Space Empires IV Gold Review
Developer: Malfador Machinations
Reviewed on PC
Windows System Requirements: Pentium Processor, 32 MB RAM, 120 MB HD space, the ability to display a minimum 800 x 600 resolution
Space Empires IV Gold is the latest iteration of the turn-based space strategy game Space Empires, which made its debut in 1993. Self-consciously designed in the mold of games like Master of Orion, Space Empires offers to take you further, deeper. Starting from your own little corner of the galaxy, you explore, expand, exploit and exterminate your way to galactic supremacy. This "Gold" version includes the latest upgrades to Space Empires IV, a new manual, some mods, and a mod toolkit. The game may be purchased directly from Shrapnel Games.
Rob de los Reyes
Although more mainstream than most titles published by Shrapnel Games, Space Empires IV Gold (SE IV Gold) nevertheless finds itself in the simultaneously pleasant and frustrating position of being a "niche" game. On the one hand, all developers (and publishers) must dream of selling millions of copies in the mass market – but the mass market is fickle and merciless. On the other hand, a well-designed niche game has the comfort of knowing it will never be without a friendly fan base. The fan base for the Space Empires franchise is decidedly friendly to its game of choice. So friendly are they, that Shrapnel Games decided that their copious comments and mod work merited a bit of a re-release, hence Space Empires IV Gold.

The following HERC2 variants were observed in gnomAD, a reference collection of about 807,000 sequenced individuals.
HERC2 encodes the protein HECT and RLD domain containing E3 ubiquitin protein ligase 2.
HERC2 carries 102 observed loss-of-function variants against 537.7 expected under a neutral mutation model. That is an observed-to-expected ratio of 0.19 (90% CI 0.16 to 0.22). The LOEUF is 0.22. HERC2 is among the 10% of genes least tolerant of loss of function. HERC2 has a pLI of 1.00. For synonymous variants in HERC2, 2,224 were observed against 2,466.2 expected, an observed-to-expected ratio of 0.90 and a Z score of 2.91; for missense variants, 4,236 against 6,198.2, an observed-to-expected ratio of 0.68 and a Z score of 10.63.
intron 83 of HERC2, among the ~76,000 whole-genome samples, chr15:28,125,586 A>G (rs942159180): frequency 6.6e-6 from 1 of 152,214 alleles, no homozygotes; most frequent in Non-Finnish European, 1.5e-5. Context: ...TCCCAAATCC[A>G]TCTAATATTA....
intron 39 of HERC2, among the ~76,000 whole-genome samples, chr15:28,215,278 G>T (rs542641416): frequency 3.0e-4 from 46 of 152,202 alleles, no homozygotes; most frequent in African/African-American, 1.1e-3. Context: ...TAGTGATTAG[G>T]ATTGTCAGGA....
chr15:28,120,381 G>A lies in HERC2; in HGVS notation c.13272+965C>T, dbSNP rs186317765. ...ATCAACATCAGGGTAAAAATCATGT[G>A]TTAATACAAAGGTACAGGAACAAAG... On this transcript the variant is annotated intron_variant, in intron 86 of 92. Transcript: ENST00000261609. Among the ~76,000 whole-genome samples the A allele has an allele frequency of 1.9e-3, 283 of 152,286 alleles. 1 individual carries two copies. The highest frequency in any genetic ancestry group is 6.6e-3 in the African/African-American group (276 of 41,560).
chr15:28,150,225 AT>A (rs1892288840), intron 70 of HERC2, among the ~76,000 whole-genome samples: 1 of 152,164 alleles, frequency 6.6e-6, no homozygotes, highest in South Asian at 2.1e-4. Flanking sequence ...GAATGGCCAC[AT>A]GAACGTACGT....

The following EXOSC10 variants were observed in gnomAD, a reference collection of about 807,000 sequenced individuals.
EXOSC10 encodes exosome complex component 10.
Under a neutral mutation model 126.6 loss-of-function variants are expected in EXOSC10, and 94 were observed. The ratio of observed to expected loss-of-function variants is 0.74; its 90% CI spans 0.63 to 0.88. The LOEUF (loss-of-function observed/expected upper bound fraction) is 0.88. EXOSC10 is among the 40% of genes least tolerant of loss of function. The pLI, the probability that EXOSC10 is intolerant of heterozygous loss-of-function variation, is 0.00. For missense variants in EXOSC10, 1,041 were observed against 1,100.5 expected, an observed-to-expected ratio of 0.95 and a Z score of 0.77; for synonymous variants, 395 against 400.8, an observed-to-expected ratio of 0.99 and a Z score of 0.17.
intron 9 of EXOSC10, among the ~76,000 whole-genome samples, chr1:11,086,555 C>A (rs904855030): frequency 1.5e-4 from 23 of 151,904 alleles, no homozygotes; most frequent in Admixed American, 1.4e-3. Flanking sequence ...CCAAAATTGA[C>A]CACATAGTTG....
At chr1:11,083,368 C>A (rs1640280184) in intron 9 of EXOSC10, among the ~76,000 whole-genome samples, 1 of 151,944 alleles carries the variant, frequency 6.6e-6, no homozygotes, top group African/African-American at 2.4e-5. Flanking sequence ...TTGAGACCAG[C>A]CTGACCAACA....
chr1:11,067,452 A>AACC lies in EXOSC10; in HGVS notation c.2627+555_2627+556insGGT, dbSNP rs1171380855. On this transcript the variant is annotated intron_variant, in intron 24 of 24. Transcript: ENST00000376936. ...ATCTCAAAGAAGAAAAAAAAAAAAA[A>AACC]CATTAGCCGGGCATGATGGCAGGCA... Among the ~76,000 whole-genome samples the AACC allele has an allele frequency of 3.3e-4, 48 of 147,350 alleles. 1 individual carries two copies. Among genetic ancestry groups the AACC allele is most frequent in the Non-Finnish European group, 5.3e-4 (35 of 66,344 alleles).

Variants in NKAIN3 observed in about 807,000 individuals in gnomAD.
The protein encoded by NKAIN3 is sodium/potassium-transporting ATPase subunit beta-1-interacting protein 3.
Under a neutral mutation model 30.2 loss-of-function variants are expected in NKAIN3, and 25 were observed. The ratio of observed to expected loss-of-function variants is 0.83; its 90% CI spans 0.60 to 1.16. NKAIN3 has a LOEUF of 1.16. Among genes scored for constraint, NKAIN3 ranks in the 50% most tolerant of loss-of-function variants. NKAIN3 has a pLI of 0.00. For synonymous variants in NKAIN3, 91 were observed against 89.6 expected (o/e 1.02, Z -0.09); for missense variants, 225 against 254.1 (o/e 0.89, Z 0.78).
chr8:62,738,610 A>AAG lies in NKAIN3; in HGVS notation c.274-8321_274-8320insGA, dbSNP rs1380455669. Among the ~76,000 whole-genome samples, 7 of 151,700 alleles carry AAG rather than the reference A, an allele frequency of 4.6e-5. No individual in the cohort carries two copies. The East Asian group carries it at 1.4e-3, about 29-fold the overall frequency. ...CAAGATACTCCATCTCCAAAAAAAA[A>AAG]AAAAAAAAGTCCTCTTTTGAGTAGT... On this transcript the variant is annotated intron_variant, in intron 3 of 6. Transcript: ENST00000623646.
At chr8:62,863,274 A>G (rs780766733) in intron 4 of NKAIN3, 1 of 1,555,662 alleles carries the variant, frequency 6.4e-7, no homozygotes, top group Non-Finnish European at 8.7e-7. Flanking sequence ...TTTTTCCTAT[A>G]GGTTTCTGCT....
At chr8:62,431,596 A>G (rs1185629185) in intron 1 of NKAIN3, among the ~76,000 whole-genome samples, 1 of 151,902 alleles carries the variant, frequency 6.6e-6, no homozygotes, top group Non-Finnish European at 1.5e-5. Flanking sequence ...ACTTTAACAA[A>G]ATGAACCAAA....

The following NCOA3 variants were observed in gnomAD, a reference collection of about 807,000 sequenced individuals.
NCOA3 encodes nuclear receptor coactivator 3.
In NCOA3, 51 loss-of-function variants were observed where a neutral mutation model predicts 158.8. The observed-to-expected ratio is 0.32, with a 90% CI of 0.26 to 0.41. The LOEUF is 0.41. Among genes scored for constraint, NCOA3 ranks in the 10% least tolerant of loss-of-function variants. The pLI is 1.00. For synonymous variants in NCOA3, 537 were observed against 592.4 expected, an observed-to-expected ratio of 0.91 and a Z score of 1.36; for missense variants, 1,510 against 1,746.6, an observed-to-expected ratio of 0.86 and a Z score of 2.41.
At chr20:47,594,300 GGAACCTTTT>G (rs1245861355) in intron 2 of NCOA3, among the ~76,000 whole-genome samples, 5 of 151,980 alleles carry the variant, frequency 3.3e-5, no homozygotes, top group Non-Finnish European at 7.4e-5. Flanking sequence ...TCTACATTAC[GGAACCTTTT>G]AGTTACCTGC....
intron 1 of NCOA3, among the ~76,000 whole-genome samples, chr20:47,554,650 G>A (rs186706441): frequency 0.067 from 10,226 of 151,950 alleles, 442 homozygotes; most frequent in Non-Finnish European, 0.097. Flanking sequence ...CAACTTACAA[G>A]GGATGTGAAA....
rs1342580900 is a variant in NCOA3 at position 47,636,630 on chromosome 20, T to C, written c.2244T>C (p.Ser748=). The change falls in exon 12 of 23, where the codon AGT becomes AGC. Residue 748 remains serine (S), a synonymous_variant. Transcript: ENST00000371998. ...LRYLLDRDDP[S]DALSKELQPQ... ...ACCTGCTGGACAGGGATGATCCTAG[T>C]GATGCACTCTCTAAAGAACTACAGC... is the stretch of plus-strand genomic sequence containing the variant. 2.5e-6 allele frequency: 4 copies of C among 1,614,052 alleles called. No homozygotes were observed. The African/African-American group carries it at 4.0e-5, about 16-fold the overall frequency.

SE IV Gold is part of the 4X (explore, expand, exploit, exterminate) line of games whose most famous space-themed representative is the Master of Orion series. Like these titles, SE IV Gold is a turn-based strategy and resource management game. What SE IV Gold lacks in comparison to the big names 4X games is exactly what you'd expect from an independent title – a big budget. Absent a big budget, a developer has two choices: do the best you can to keep up with the big boys, or do some triage on the "bells and whistles" and focus on gameplay. It's a tough choice, and it's never cost-free.
To the extent the choice had to be made, SE IV Gold makes the right choice. Here's what it boils down to: SE IV Gold sacrifices contemporary graphics, animation, sound and music in favor of creating one of the deeper, most highly customizable games in its genre. There is almost no feature in SE IV Gold, either substantive or cosmetic, that cannot be tweaked, toggled, reshaped, restructured, reprogrammed, swapped, switched or otherwise altered to suit your tastes. Heck, the manual includes a dozen pages of instruction on modding. Moreover, most game functions can be achieved via two or three redundant methods, so you can choose your favorite. Myriad predesigned alien races are available for play, each with its own substantial list of special traits and abilities. In keeping with the theme, of course, you are free to ignore the predesigned species and create your own by customizing abilities, strengths, weaknesses and art. Still more, ships are designed by the player from the hull up. The detailed ship creation lets you construct ships for roles as varied as asteroid miner, resupply vessel, fighter carrier, attack drone and more familiar attack ships and troop transports. The list goes on.